What opportunities has your time at Cornell given you so far?
To put it simply, Cornell has provided me the opportunity to continue my education and develop professionally during unprecedented times. I entered the M.Eng. program in the midst of the COVID-19 pandemic. Despite the challenges posed by the virus, Cornell has adapted its educational system to provide a safe and structured academic experience. While the experience is undeniably different, the program is no less valuable. I continue to have access to the school’s world-renowned faculty, who have helped me learn and develop at a pace I never thought possible, and I have built amazing relationships with my classmates. I will forever cherish this opportunity. 

What has been your favorite class or experience so far and why?
Working on the design project has undoubtably been my favorite experience so far. My teammates and I have gained extensive “real world” experience working with an external company, applying the Stanford Biodesign process, implementing Scrum methodology, designing testing protocols, and developing an IRB proposal. I believe that the knowledge and skills my teammates and I are gaining from this project will be useful throughout our careers. Additionally, the fact that we are collaborating with an external company illustrates the value of this project. Our work could benefit the lives of patients across the country. I value any opportunity I get to work on a project with such potential.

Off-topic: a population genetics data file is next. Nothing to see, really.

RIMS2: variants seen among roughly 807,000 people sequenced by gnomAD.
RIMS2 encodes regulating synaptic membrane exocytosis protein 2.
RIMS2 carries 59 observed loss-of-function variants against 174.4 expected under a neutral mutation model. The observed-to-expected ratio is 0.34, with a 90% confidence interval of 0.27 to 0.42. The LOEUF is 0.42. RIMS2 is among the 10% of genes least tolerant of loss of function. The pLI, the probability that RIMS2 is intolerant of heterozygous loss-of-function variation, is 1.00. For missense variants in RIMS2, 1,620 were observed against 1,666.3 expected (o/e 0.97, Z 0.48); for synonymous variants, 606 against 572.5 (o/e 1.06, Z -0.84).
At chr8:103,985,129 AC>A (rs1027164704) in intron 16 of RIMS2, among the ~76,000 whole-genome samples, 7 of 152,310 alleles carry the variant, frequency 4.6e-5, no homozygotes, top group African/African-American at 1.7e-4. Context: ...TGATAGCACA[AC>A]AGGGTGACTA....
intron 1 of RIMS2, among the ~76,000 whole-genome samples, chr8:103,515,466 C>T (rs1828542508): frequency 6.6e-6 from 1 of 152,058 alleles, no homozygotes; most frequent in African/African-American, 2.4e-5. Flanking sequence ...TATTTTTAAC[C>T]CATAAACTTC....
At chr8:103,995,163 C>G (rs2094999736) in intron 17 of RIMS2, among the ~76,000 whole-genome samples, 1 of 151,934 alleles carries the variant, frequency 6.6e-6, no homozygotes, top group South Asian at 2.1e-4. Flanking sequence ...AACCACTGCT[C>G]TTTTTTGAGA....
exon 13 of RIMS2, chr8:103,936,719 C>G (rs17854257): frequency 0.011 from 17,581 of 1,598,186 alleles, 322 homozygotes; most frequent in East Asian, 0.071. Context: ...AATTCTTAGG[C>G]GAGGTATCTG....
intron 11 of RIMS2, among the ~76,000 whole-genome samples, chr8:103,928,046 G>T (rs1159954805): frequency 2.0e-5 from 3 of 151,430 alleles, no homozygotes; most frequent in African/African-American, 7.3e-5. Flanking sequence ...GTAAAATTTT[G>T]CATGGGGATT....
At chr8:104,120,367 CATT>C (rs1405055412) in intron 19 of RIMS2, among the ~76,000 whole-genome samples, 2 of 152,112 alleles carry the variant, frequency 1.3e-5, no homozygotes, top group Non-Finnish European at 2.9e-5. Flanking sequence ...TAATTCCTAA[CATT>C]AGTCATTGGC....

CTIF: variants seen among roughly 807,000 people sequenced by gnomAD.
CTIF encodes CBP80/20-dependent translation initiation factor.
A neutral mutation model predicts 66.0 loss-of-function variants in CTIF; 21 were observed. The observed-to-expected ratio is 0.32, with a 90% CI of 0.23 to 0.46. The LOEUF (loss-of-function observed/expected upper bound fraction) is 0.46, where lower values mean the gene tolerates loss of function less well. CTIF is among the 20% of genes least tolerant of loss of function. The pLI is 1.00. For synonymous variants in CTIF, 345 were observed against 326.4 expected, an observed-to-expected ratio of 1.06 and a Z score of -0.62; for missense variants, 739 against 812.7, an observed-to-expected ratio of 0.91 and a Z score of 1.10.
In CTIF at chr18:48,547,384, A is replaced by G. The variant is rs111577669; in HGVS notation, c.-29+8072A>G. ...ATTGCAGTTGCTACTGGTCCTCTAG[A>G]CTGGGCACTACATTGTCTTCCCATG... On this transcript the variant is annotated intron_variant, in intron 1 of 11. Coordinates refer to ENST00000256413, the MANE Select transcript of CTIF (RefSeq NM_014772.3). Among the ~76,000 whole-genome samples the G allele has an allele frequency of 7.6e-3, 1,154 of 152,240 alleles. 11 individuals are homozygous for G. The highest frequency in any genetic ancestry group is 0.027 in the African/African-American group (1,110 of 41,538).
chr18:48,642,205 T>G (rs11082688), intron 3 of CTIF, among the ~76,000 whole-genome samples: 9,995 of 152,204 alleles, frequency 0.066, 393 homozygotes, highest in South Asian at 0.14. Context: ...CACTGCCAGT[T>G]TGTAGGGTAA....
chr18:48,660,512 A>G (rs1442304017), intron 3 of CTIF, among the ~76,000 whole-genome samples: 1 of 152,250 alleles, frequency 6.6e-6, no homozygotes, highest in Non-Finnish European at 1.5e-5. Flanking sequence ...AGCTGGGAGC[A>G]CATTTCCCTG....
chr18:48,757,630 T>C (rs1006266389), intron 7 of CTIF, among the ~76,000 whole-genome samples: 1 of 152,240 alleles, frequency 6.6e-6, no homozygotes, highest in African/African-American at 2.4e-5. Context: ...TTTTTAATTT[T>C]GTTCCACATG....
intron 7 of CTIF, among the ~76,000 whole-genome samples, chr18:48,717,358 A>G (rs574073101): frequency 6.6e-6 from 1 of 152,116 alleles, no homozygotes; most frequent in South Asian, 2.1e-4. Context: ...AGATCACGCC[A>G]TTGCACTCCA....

Any hobbies or interests outside of your scholarship?
Within the academic setting, I enjoy working as a Teaching Assistant. I was a TA in my undergraduate program and have continued working as one for both semesters of the M.Eng. program. Throughout my college career, TAs have been reliable resources, adding exceptional value to my academic experience. Being a TA allows me to pay forward the help they afforded me, and I strive to be as valuable a resource for the students I work with. 

Outside of the classroom, I enjoy hiking the gorges in the Ithaca area, especially Buttermilk Falls as I hiked it five times during the fall semester. I have also enjoyed going to Ithaca Beer Co. since it offers a great outdoor space where my classmates and I have been able to meet, share a few laughs, and get to know each other during the pandemic.